The Swiss district of Gruyère is famed for its eponymous cheese, a staple of French onion soup, as well as le croque-monsieur. But for international music fans it’s increasingly known for being the home of Switzerland’s Eurovision 2021 singer Gjon’s Tears.
The 22-year-old recently joined me on Zoom to discuss his preparations for Eurovision and his French-language song “Tout l’univers”. He held several writing camps in Zurich, Vienna and beyond to develop songs for an internal selection process. But “Tout l’univers” was written during the very first session of the very first camp.
He says co-writer Nina Sampermans first came up with the idea for an English-language song called “Ground Zero”.
“I like the signification of ground zero — it was the centre of an atomic explosion, but with the 11th of September the meaning became bigger,” Gjon says. “I like the signification of construction and destruction.”
Scroll down for the full video interview
Gjon’s Tears shares “Ground Zero” snippet
In a world exclusive, Gjon played us a minute of the original version of his Eurovision 2021 song.
It includes the lyrics, “wherever I begin, nothing but dust and sins, to rise above and grow, I have to let you go.”
View this post on Instagram
During the songwriting camps there were some songs Gjon wanted to sing in English and songs he wanted to sing in French. The preference varied by the song’s feel and his instincts. Gjon wanted to sing “Ground Zero” in both languages, so he re-worked it into French alongside Xavier Michel, who wrote last year’s entry “Répondez-moi” alongside the singer.
During the song evaluation process the juries preferred “Ground Zero” among all the recordings. “But when I sang it live, they really preferred it in French because the interpretation was different.”
Both version of the song are about “construction and destruction” — and how we all have to push to stay afloat in this cycle of life.
“I really wanted to say the most important person, and the person we have to love most, is ourself,” he says. “We are, for ourselves, the most powerful person that we can have in our life and the only one in whom we can trust. I wanted to dedicate this to ourselves and to the person inside of us.”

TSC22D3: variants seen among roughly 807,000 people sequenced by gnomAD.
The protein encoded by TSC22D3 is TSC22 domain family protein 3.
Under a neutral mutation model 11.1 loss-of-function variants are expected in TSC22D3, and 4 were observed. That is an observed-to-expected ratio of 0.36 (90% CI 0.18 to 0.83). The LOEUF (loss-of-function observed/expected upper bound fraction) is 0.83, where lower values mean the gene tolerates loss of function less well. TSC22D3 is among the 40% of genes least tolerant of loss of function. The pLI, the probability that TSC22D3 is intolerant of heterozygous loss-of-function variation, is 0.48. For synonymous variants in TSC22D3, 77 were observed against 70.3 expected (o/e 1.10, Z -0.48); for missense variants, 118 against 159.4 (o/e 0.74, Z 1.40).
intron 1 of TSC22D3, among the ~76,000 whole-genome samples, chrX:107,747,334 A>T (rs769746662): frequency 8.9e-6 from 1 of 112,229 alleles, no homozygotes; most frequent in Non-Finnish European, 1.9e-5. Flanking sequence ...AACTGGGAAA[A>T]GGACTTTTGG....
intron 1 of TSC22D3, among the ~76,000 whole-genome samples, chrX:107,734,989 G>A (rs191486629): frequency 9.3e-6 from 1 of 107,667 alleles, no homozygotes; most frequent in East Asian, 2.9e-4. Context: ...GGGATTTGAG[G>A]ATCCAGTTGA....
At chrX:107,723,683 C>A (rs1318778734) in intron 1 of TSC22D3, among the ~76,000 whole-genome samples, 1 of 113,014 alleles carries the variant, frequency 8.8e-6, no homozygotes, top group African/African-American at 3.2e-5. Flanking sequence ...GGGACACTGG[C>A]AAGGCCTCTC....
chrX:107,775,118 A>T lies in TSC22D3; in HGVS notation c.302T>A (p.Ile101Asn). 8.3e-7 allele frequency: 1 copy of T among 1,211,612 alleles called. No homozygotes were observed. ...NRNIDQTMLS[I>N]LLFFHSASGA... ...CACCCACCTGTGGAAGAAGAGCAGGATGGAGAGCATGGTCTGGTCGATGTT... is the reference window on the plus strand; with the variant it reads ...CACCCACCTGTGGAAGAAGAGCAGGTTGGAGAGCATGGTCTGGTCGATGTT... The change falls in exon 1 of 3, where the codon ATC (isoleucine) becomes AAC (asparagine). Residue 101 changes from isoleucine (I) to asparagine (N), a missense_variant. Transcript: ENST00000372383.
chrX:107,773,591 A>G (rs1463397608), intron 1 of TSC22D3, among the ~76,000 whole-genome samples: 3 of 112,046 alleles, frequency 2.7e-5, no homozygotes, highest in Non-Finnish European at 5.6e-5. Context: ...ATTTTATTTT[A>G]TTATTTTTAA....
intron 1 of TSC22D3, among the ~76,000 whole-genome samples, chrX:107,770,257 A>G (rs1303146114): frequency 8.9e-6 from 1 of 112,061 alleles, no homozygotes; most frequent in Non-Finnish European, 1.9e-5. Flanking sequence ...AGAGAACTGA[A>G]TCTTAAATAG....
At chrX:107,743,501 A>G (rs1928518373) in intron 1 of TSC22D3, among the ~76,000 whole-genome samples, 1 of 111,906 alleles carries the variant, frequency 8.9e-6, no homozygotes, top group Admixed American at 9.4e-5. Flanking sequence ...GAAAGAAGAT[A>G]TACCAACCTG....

“I’m really realising in the hard times that if you don’t respect yourself, if you do bad things, if you don’t move and stay at home, you’re not going for a walk, if you’re not taking care of yourself…you can clearly see how you’re becoming. Also your morale, your tiredness…I don’t want that any more.”
“I wanted to make a song with a lot of hope, even if it doesn’t look like that. In French we say ‘you have to see further’ — it’s an optimistic expression and I like it a lot. I wanted to see further — I wanted to see the whole space, the whole universe.”
“It’s a way to say that even if you think you have lived everything, you haven’t lived everything. The universe is so big and you still have so many opportunities and so many things to live. Your job is not finished here. Even if we are dead, we will not have finished what we have to do here.”.
2:33 Discussing the cancellation of Eurovision 2020
8:17 The songwriting process for the song — starting with the English version
11:10 Gjon plays the first version of Ground Zero that they recorded
13:00 Which version did the jury in the Swiss selection prefer?
14:40 What’s the meaning of the song?
18:00 Gjon explains the music video, which represents a cycle — it starts where it ends
22:45 Gjon says he was not satisfied with the live-on-tape performance and hopes to get to perform it live in Rotterdam with full effects and staging.
26:25 What was it like delivering your first live performance on Spanish broadcaster Telecino?
28:10 Gjon does not like to eat the day of a performance
31:56 Gjon sings his favourite Eurovision song — France’s 1969 winner “Un jour, un enfant”
Are you loving Gjon’s inspirational message? Do you eat before your live performances? Let us know in the comments box below.